UVC-Induced MAPK Signaling
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UVC-Induced MAPK Signaling

UV (Ultraviolet) irradiation is a component of sunlight, which has higher energy than visible light. UV radiation (100 and 400 nm) is divided into at least three different categories based on wavelength: UVA (Ultraviolet-A) , UVB (Ultraviolet-B) and UVC (Ultraviolet-C).  UVC wavelengths (100-280 nm) are very strongly affected by ozone levels, so that the levels of UVC radiation reaching the earth’s surface are relatively small. Because the ozone layer blocks UVC exposure, UVA (UVA I, 340-400 nm; UVA II, 320-340 nm) and UVB (280-320 nm) are probably the chief carcinogenic components of sunlight with relevance for human skin cancer. DNA is known to be an important target for the mutagenic and carcinogenic effects of UV irradiation (Ref.1). In addition to DNA damage, alterations in signaling molecules caused by UV irradiation result in distorted gene expression. The MAPK (Mitogen-Activated Protein Kinase) signaling cascades are targets for UV and are important in the regulation of the multitude of UV-induced cellular responses. UVC is the best-studied form of UV radiation, but is least relevant to the human condition. Insights gained from UVC-induced signaling pathways still contribute to overall understanding of the signaling pathways leading to UV-induced skin carcinogenesis. UVC stimulates all three MAPK pathways including ERK (Extracellularly Regulated Kinase), JNK (c-Jun N-terminal Kinase), and p38, and activates c-Jun and c-Fos, but with exceptions. Although UVC does have specific effects in cells, there are signaling components common to those implicated in responses to UVA and UVB irradiation, including EGFR (Epidermal Growth Factor Receptor), PKC (Protein Kinase-C), AP-1, ATR (Ataxia-Telangiectasia and Rad3 Related), and p53 Ref.2).

UVC acts through the EGFR or PKCs or both to activate the MAPKs cascades, which results in diverse responses, including cell proliferation, tumor promotion, and apoptosis. In HeLa cells, UVC-induced AP-1 activation occurs through Src (v-Src Avian Sacroma (Schmidt-Ruppin A-2)Viral Oncogene), Ras, Raf (v-Raf1 Murine Leukemia Viral Oncogene), and Growth Factor Receptors, including the EGFR. This well characterized cascade is initiated by Growth Factor binding, which stimulates RTKs (Receptor Tyrosine Kinases). The sequential activation of the GTP-binding protein Ras and the Serine kinase Raf then ensues. Raf then activates MEK (MAPK kinase), a threonine/tyrosine dual specificity kinase that directly activates ERKERK translocates in the nucleus and activates transcription factors Elk1 (ETS-domain protein Elk1), Myc (v-Myc Avian Myelocytomatosis Viral Oncogene Homolog), Jun (v-Jun Avian Sarcoma Virus-17 Oncogene) and Fos (v-Fos FBJ (Finkel-Biskis-Jinkins) Murine Osteosarcoma Viral Oncogene Homolog). Interaction between Fos and Jun leads to the transcription complex AP-1 (Activator Protein-1), which switches on a number of genes associated with cell growth and differentiation (Ref.3 and Ref.4). In JB6 cells, PKC and not the EGFR, mediates UVC-induced AP-1 activation. In JB6 and lens epithelial cells, UVC activation of p38 kinase and JNKs appeared to occur independently of PKC. In human epidermoid carcinoma A431 cells, UVC stimulated ERKs through the tyrosine phosphorylation and activation of the EGFR. Inhibition of the EGFR or ERK activation results in an increase in UV-induced apoptosis, suggesting that the UVC activation of ERKs through the EGFR serves as a protective or survival mechanism. In addition to ERKs, JNKs are also activated by UVC exposure. UVC also induces a direct phosphorylation of ATF2 (Activating Transcription Factor-2) by ERKs or MSK1 (Ref.5).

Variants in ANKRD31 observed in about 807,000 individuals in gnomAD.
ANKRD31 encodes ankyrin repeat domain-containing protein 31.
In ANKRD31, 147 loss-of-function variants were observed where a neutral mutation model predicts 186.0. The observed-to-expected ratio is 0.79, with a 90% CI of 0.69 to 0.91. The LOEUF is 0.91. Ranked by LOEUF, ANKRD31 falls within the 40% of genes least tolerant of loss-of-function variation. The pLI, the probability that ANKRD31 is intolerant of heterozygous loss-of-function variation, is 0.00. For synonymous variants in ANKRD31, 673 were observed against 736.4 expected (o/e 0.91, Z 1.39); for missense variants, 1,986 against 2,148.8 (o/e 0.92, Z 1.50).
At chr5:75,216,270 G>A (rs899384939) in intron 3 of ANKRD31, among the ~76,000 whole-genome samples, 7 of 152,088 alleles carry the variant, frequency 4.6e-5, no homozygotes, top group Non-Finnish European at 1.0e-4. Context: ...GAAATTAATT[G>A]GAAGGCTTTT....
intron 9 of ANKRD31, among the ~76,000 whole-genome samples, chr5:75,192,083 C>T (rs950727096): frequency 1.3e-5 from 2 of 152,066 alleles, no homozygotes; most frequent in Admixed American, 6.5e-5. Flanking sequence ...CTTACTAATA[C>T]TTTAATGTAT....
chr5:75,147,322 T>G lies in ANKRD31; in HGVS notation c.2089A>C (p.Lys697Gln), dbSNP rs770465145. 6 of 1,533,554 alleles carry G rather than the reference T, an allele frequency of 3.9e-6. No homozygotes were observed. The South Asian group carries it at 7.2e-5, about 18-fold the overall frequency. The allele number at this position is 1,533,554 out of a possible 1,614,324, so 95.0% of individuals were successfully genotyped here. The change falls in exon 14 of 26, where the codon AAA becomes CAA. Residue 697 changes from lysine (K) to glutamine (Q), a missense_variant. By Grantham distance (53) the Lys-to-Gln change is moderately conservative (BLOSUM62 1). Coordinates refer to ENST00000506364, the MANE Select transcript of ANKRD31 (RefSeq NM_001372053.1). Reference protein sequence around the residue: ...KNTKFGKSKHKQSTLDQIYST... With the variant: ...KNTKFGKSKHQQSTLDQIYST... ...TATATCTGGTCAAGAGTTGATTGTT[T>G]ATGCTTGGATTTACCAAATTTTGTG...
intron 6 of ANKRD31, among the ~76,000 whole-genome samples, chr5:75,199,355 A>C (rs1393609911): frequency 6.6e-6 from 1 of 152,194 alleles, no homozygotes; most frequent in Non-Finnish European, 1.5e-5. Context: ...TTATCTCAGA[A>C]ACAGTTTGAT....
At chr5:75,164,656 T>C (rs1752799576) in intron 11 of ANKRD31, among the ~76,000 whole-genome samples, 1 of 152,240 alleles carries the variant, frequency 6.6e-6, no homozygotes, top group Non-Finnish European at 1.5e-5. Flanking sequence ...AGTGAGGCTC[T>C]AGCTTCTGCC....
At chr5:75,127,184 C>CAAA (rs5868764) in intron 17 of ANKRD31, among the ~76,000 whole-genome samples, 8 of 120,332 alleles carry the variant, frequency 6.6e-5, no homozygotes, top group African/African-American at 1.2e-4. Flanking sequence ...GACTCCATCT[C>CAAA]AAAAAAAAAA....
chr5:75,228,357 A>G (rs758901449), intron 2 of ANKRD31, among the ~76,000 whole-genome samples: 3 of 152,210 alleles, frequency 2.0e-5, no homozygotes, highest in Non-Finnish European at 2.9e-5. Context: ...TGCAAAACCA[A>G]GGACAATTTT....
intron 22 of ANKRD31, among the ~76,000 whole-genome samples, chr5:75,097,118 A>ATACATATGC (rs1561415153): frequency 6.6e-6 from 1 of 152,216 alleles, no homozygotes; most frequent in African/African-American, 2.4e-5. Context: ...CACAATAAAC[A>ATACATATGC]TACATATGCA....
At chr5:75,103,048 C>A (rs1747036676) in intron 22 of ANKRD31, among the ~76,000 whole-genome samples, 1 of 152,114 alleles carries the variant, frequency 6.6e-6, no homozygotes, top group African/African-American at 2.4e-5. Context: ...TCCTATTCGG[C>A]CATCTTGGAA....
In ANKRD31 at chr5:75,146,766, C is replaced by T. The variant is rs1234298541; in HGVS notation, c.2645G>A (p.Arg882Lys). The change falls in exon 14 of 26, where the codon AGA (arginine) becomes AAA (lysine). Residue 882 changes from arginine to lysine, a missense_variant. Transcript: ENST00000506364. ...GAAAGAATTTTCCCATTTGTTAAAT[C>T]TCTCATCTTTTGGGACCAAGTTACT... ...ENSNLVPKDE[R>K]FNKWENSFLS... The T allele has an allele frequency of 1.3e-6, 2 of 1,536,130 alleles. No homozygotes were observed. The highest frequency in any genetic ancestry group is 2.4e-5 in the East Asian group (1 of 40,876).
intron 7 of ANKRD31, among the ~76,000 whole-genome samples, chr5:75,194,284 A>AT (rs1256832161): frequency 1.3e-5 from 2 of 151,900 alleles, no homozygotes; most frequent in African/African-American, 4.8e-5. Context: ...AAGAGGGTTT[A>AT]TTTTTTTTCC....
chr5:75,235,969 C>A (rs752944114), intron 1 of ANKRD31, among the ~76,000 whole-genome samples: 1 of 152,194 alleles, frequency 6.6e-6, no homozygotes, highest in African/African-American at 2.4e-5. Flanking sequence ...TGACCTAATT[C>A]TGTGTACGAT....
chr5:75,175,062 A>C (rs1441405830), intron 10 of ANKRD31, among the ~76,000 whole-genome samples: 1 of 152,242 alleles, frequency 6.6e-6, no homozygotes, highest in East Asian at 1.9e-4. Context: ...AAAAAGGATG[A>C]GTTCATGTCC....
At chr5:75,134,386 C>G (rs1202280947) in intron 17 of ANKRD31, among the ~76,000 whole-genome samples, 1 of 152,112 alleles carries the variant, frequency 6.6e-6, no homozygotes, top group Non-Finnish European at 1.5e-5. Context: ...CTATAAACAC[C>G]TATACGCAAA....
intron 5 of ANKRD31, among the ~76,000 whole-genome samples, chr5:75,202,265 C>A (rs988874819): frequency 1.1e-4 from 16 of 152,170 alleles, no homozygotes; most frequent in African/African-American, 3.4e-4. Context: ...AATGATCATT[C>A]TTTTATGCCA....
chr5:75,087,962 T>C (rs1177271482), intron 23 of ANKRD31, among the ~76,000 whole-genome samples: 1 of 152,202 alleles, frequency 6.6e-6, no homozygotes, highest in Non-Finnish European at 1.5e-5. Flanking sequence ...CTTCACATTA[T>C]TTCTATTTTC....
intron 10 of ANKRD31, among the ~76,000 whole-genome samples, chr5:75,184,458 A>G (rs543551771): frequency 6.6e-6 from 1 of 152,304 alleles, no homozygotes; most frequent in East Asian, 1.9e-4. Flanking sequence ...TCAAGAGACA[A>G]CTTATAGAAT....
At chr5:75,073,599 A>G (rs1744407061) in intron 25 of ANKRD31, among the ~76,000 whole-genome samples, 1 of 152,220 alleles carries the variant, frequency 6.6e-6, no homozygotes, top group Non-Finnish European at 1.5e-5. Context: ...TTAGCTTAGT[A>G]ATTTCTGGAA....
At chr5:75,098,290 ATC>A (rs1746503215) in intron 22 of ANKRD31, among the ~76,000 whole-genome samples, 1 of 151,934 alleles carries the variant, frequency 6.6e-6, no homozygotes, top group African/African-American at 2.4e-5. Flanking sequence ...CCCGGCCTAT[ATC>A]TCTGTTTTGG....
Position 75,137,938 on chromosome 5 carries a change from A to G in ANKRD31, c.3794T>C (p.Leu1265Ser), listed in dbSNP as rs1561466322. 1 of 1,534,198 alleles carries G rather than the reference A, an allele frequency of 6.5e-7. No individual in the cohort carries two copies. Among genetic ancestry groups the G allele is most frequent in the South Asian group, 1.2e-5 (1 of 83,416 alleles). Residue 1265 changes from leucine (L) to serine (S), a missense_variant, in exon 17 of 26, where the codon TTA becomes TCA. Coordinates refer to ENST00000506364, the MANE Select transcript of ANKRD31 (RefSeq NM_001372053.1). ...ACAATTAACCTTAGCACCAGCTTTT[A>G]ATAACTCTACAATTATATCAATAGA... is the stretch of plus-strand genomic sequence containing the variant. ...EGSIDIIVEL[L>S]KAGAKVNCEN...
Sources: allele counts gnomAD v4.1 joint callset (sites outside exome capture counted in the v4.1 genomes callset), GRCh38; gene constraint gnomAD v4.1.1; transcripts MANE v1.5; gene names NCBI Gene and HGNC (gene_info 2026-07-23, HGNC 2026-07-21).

UVC also stimulate activation of SMase (Sphingomyelinase). Stimulation of SMase leads to hydrolysis of Ceramide, which can act as a modulator of various stress-related responses, including cell cycle arrest, cell senescence, and apoptosis. These responses can stimulate phosphorylation and activation of JNKs. Unlike UVA, UVC exposure does not activate ATM (Ataxia Telangiectasia Mutated Gene). Instead, UVC stimulates ATR, a kinase that is structurally and functionally similar to ATM. ATR may function as a sensor of DNA damage in response to UVC. ATR is required for UVC-induced JNKs and p53 signaling leading to apoptosis. In JB6 cells, UVC phosphorylates p53 at Ser389 by p38 kinase. In the human breast cancer cell line MCF-7, p38 kinase directly activates and phosphorylates p53 at Ser33 and Ser46 in response to UVC. p38 kinase has a major role in mediating the phosphorylation of p53, leading to UVC-induced apoptosis. UVC also interact directly with DNA, causing the formation of cyclobutane pyrimidine dimers or 6-4 photoproducts. Although UV irradiation can produce various types of damage, cyclobutane pyrimidine dimers or 6-4 photoproducts are believed to be the major type of DNA damage resulting from UV exposure. Because of the ring structure of its bases, DNA absorbs UV photons very efficiently. DNA damaged by UV is normally repaired by a nucleotide excision repair mechanism. However, if the damaged bases are not repaired or are incorrectly repaired, this can lead to mutations and subsequent carcinogenesis (Ref.6).